Bibliography of Dutch Environmental History
This list is a short bibliography meant as an introduction to literature related to Dutch Environmental History and is far from exhaustive. Environmental History (in Dutch: milieugeschiedenis or ecologische geschiedenis) in the Netherlands is very much concerned with reclamation, water management and agriculture. That is no wonder since about 20 per cent of the Netherlands was reclaimed from the sea or lakes over the past thousand years or so. Many people in the world are familiar with landscape paintings of canals, windmills, ice skaters and grand cloudy skies. In addition many of these paintings contain cattle, humans and houses, windmills, or towns in the distance. This indicates the importance of people in the Dutch environment, which is the product of the interaction between humans and nature over millennia as well as the importance of agriculture for Dutch society. This explains why the history of water management, reclamation and agriculture are dominant issues in Dutch environmental history.
Two other important ingredients of Dutch environmental history are the impact of industrialisation on the environment and development of Dutch environmental policy. The latter is not surprising because the Dutch have been pioneers in this area since the 1960s. This area is likely to become a more important area of research in the near future.
Bennett, Graham. “The History of the Dutch National Environmental Policy Plan”, Environment 33 (September, 1991): 6-9
Borger, Guus J., “The Netherlands and the North Sea; a close relationship in historical perspective”, in: Dietz, Ton, Piet Hoekstra and Frans Thissen (eds), The Netherlands and the North Sea. Netherlands Geographical Studies 325 (Utrecht: KNAG, 2004), pp. 13-18.
Cornelisse, Charles, “The Economy of Peat and its Environmental Consequences in Holland during the late Middle Ages”, in: Hilde Greefs and Marjolein ‘t Hart, Jaarbook voor Ecologische Geschiedenis, 2005-2006, “Water Management, Communities, and Environment. The Low Countries in Comparative Perspective, c. 1000- c. 1800” (Gent: Academia Press, 2006), pp. 95-122.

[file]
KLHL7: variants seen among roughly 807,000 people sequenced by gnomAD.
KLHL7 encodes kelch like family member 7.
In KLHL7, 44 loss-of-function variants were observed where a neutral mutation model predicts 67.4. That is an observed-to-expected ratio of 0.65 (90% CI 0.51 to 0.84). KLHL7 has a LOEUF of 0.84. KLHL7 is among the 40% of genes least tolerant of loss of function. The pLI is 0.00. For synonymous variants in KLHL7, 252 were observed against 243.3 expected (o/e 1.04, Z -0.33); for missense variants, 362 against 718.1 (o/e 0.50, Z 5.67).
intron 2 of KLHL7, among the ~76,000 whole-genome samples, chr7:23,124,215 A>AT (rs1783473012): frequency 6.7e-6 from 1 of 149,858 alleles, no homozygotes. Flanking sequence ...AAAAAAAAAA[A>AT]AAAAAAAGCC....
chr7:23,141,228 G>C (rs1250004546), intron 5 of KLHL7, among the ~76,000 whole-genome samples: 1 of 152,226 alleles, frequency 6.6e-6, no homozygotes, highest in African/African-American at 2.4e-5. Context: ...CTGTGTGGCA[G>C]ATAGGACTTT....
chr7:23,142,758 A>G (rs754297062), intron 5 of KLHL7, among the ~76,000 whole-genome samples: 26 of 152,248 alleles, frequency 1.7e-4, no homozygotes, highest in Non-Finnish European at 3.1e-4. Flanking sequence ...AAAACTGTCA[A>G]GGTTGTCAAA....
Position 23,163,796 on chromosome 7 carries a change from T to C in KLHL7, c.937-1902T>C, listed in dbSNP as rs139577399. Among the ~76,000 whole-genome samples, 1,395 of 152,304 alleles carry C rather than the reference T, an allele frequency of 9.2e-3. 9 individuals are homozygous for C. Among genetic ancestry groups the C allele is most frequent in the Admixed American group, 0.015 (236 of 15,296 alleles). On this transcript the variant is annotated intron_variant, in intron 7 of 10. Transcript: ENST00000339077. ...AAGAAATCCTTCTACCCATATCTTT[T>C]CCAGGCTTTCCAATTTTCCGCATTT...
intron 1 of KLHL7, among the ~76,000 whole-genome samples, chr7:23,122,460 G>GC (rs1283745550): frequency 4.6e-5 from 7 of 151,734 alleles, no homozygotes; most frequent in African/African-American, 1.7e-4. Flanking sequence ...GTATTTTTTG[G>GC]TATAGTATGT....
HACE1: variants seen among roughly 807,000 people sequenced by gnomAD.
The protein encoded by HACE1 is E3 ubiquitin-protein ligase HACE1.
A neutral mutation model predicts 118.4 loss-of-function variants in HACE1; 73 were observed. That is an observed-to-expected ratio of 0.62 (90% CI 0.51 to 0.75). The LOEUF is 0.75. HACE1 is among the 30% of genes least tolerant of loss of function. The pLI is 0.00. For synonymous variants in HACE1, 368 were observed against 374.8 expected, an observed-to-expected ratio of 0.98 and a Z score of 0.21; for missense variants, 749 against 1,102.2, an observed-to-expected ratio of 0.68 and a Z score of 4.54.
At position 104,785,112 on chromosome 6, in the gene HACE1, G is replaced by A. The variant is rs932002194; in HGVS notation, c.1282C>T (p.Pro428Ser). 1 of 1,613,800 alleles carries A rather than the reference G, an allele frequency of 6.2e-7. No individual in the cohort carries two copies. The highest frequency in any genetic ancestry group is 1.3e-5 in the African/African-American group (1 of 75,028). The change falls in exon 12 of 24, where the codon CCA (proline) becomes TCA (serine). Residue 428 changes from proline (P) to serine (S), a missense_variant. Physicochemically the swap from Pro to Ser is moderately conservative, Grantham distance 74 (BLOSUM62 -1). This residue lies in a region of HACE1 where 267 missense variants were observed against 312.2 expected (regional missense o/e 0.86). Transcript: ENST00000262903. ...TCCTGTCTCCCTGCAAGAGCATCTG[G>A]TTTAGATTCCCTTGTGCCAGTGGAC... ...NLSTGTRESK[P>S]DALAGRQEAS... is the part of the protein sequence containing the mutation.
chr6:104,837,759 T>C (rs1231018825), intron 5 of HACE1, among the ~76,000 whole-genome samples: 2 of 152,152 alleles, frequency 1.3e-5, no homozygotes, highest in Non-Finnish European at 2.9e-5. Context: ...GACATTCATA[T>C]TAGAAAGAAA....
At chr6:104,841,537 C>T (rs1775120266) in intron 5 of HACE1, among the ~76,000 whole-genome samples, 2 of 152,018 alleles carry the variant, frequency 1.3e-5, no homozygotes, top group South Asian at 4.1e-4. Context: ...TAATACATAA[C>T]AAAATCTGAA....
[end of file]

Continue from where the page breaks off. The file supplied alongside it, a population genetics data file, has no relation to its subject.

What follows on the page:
Dam, Petra J. E. M. van, “Sinking Peat Bogs: Environmental Change in Holland, 1350–1550”,Environmental History, 6 (2001) 32-45
Dam, Petra J.E.M. van, “Ecological Challenges, Technological Innovations. The Modernization of Sluice Building in Holland, 1300-1600”, Technology and Culture, 43, 3 (2002) 500-520
Diederiks, H., and C. Jeurgens. “Environmental Policy in 19th-Century Leyden”, In The Silent Countdown: Essays in European Environmental History, edited by Christian Pfister and Peter Brimblecombe (New York: Springer-Verlag, 1990), pp. 167-181
Fransen, Alfons, “Sharing the responsibility of ecological cahnge. The case of the Diemerdijk, 1670-1770”, in: Hilde Greefs and Marjolein ‘t Hart, Jaarbook voor Ecologische Geschiedenis, 2005-2006, “Water Management, Communities, and Environment. The Low Countries in Comparative Perspective, c. 1000- c. 1800” (Gent: Academia Press, 2006), pp. 143-173
Groot, Ernest de, Henk Kerkhof and Luuk Veening, Land-use changes in the Netherlands: description and analysis of developments in land-uses in the past 40 years (Wageningen: LUW 1988)
Homburg, Ernst. “Pollution and the Dutch Chemical Industry: The Turning Point of the 1850s.” In The Chemical Industry in Europe, 1850-1914: Industrial Growth, Pollution, and Professionalization, edited by Ernst Homburg, A. S. Travis, and Harm G. Schröter (Boston, Mass.: Kluwer Academic, 1998), pp. 165-181